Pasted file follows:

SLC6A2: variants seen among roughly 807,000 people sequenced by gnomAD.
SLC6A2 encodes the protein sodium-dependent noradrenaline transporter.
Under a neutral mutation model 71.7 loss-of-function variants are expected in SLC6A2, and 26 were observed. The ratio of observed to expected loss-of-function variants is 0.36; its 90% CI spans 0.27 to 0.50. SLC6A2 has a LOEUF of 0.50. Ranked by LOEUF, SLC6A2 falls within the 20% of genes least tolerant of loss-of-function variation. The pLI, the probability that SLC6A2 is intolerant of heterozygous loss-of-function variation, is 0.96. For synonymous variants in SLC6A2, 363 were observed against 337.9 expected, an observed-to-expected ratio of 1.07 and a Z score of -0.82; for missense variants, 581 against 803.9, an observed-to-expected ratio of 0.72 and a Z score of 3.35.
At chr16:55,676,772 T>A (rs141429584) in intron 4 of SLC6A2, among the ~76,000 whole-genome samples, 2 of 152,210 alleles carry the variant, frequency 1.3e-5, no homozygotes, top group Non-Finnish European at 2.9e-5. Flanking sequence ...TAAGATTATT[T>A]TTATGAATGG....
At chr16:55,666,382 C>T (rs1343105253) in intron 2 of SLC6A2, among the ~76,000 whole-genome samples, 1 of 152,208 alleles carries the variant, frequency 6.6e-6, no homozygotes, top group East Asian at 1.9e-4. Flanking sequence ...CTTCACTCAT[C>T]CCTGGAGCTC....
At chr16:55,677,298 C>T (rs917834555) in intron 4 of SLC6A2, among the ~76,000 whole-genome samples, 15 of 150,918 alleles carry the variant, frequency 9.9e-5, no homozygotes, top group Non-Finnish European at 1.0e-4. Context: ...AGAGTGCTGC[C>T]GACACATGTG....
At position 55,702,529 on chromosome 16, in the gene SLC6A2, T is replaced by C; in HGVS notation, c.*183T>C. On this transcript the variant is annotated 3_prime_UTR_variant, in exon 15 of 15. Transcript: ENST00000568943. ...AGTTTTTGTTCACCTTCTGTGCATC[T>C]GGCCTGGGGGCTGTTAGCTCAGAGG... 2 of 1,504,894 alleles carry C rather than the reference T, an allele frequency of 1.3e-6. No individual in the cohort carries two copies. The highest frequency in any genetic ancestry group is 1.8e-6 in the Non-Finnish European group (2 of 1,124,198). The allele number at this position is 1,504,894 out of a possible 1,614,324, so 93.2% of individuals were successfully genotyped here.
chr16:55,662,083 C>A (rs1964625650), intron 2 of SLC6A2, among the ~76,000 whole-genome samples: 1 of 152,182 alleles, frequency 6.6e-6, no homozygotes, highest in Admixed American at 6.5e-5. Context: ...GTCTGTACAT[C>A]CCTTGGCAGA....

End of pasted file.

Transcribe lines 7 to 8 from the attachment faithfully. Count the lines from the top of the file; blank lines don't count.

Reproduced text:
At position 55,702,529 on chromosome 16, in the gene SLC6A2, T is replaced by C; in HGVS notation, c.*183T>C. On this transcript the variant is annotated 3_prime_UTR_variant, in exon 15 of 15. Transcript: ENST00000568943. ...AGTTTTTGTTCACCTTCTGTGCATC[T>C]GGCCTGGGGGCTGTTAGCTCAGAGG... 2 of 1,504,894 alleles carry C rather than the reference T, an allele frequency of 1.3e-6. No individual in the cohort carries two copies. The highest frequency in any genetic ancestry group is 1.8e-6 in the Non-Finnish European group (2 of 1,124,198). The allele number at this position is 1,504,894 out of a possible 1,614,324, so 93.2% of individuals were successfully genotyped here.
chr16:55,662,083 C>A (rs1964625650), intron 2 of SLC6A2, among the ~76,000 whole-genome samples: 1 of 152,182 alleles, frequency 6.6e-6, no homozygotes, highest in Admixed American at 6.5e-5. Context: ...GTCTGTACAT[C>A]CCTTGGCAGA....